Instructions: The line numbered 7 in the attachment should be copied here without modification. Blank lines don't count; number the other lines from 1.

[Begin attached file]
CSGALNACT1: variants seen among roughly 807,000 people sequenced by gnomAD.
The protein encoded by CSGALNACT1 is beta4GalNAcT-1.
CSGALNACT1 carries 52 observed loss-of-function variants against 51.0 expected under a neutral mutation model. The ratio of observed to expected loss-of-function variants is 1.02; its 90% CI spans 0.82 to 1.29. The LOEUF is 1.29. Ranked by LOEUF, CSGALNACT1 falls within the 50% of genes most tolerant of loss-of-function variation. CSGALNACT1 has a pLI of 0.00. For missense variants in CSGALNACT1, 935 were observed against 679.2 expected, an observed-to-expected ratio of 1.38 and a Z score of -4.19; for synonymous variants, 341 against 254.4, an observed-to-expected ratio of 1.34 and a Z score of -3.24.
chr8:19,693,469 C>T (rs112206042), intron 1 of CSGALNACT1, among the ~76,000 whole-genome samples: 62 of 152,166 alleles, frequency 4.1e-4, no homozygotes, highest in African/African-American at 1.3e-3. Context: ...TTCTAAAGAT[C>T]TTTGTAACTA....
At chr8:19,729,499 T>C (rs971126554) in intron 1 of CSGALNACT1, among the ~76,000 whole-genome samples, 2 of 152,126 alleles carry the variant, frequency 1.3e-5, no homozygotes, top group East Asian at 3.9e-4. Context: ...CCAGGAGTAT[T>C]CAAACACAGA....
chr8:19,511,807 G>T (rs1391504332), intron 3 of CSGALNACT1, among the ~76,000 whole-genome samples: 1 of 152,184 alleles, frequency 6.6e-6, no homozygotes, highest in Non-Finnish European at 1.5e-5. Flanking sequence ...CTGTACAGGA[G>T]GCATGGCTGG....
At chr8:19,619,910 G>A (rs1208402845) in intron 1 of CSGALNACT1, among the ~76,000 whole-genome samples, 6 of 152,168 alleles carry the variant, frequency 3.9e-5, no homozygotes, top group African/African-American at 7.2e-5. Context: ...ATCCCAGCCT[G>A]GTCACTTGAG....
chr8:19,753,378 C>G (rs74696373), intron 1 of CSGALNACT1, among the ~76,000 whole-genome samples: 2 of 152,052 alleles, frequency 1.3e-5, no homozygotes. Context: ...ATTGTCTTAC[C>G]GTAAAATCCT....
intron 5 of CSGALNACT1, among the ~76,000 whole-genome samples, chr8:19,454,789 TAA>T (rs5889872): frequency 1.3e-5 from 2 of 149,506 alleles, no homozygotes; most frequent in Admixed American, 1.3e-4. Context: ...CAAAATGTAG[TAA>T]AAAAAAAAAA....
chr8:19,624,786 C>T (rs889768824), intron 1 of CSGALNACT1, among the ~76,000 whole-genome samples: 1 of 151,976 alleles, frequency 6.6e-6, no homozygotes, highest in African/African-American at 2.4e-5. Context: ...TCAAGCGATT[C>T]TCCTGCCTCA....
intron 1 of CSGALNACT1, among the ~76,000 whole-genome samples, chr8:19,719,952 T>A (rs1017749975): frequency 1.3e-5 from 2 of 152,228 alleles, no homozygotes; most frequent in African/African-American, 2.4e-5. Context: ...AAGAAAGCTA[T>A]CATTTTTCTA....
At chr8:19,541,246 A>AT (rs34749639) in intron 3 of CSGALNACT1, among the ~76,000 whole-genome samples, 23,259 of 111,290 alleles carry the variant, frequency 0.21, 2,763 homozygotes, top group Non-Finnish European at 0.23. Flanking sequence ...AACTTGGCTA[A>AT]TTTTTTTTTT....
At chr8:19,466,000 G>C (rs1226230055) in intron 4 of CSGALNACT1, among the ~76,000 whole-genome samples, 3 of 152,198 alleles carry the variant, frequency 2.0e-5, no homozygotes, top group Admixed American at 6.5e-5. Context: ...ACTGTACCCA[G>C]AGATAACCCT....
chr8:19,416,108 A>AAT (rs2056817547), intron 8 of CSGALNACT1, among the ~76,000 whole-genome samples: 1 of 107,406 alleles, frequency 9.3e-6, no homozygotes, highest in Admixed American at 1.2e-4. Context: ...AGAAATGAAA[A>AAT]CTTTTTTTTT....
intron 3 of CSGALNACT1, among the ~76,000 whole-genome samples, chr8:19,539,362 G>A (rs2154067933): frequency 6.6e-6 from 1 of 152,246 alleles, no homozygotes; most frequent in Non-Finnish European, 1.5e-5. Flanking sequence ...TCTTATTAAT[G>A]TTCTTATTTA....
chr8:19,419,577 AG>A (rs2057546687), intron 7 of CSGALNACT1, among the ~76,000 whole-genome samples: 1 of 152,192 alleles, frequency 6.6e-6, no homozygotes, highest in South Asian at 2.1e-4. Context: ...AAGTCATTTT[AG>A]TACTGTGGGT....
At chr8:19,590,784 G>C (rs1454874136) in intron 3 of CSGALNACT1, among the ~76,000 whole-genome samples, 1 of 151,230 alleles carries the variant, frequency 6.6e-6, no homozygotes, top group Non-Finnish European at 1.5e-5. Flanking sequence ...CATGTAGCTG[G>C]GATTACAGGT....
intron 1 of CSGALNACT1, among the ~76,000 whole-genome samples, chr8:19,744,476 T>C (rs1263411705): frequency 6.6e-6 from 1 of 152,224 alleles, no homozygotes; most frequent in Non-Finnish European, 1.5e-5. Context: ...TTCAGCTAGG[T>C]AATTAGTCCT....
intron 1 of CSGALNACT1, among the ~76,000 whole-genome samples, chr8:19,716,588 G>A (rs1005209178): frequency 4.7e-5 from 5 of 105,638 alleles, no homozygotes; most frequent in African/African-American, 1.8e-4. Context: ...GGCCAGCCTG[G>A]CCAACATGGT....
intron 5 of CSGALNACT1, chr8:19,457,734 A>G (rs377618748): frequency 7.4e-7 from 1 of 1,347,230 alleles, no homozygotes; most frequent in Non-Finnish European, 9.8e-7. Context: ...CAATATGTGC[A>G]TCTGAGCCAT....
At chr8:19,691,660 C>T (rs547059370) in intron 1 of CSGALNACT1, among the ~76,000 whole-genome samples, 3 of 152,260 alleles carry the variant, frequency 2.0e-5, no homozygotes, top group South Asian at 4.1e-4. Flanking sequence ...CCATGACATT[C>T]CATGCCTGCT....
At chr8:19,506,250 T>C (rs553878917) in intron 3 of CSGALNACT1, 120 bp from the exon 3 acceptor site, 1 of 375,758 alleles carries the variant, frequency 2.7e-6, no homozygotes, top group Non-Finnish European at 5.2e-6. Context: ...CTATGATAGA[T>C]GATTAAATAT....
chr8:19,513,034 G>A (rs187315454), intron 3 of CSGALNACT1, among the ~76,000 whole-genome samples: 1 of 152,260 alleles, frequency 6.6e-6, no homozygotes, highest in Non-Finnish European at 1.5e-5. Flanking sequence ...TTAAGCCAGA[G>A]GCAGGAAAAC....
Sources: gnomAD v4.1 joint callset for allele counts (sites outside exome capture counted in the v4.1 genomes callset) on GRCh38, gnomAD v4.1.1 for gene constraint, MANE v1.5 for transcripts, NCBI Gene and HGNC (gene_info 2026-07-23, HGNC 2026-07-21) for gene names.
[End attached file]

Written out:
At chr8:19,619,910 G>A (rs1208402845) in intron 1 of CSGALNACT1, among the ~76,000 whole-genome samples, 6 of 152,168 alleles carry the variant, frequency 3.9e-5, no homozygotes, top group African/African-American at 7.2e-5. Context: ...ATCCCAGCCT[G>A]GTCACTTGAG....